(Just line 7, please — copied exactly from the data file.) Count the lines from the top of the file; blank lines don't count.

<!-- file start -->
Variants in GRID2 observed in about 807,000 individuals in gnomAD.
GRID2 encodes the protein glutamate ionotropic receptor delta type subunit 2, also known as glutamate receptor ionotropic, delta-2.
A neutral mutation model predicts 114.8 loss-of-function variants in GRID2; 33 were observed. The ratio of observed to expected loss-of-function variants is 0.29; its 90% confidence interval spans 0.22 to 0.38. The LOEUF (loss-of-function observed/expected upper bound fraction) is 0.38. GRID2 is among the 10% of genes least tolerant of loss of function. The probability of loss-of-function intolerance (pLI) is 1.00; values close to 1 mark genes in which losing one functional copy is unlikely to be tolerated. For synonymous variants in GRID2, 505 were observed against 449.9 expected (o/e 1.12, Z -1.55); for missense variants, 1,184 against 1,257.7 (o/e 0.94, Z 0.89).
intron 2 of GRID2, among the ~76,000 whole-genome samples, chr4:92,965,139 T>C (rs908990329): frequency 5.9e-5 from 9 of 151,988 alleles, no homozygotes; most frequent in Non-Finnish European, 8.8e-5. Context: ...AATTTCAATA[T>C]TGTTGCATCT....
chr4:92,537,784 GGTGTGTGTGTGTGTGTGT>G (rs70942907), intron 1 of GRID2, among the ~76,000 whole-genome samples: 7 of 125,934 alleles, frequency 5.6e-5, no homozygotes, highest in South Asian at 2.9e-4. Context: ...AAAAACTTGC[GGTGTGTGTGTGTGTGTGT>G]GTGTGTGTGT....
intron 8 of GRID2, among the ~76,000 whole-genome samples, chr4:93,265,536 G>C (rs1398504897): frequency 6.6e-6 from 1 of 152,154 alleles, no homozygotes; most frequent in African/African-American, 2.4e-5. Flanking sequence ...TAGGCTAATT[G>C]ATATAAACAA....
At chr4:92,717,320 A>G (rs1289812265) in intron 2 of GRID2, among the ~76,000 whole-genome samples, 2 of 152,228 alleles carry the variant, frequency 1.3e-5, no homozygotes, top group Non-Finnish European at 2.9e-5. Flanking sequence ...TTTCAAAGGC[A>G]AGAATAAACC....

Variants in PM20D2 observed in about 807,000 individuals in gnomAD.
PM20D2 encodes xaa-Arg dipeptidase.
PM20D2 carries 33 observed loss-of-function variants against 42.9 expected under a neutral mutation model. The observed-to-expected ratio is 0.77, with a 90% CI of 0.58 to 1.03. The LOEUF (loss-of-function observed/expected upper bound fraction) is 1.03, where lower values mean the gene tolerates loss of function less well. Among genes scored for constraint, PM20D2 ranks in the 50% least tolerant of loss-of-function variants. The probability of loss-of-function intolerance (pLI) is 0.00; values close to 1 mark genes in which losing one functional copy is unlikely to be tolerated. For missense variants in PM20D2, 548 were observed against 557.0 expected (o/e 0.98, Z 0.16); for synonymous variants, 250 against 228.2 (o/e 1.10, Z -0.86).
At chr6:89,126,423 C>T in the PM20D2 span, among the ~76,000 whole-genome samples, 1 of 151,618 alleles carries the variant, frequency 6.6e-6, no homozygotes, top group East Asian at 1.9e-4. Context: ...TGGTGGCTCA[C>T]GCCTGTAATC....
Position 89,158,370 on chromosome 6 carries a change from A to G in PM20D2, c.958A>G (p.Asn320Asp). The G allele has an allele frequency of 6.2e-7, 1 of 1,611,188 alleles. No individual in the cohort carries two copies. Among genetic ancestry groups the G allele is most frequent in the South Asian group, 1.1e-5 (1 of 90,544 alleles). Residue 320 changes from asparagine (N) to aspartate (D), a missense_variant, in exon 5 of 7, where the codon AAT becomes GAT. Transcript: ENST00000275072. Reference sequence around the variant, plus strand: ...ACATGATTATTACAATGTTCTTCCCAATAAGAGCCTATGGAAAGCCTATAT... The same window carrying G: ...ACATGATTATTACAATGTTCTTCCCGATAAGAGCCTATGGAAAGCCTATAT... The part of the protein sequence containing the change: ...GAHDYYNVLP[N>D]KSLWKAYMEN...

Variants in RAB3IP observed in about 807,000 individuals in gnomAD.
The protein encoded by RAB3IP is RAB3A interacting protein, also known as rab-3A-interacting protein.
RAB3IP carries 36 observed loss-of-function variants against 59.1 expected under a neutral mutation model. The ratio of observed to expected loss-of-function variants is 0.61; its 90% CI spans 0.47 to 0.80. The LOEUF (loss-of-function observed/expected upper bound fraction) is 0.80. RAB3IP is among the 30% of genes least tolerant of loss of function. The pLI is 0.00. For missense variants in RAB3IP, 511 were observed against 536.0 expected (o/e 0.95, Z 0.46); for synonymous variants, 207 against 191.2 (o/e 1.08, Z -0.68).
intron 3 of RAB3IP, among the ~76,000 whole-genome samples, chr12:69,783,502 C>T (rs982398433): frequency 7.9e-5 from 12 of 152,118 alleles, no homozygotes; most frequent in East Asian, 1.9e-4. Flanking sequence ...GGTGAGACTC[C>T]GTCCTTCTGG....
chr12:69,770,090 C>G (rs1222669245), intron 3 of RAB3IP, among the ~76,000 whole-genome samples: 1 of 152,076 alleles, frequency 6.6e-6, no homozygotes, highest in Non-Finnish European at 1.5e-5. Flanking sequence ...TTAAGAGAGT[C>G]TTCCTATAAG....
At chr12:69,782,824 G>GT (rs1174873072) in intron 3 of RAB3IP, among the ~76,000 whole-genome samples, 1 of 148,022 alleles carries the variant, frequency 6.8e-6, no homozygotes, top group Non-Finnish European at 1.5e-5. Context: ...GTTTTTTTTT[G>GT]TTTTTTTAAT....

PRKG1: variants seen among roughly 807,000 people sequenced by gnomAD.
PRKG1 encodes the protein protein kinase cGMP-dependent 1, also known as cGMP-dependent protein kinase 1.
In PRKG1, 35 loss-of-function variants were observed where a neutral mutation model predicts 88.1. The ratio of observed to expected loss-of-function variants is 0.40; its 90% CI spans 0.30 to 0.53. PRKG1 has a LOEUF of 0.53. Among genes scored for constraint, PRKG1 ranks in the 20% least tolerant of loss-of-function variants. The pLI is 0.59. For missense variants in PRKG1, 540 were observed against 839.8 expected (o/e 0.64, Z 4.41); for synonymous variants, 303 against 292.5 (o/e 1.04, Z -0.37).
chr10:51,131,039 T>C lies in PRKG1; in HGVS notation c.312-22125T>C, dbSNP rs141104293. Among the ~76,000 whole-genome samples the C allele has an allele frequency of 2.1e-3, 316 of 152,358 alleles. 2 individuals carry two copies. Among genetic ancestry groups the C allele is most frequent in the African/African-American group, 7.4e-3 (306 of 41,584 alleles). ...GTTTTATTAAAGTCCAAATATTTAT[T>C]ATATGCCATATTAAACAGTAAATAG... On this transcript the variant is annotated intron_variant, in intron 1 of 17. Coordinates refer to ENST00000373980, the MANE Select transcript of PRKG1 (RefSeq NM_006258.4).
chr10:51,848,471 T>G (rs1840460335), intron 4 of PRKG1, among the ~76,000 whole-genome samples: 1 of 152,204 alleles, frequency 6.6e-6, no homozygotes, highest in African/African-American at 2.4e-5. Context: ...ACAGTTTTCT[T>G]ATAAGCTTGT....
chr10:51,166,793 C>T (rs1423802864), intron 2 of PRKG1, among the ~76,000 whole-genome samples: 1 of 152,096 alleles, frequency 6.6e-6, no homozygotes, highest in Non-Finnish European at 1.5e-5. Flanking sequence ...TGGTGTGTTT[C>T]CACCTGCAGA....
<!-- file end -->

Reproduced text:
At chr4:92,717,320 A>G (rs1289812265) in intron 2 of GRID2, among the ~76,000 whole-genome samples, 2 of 152,228 alleles carry the variant, frequency 1.3e-5, no homozygotes, top group Non-Finnish European at 2.9e-5. Flanking sequence ...TTTCAAAGGC[A>G]AGAATAAACC....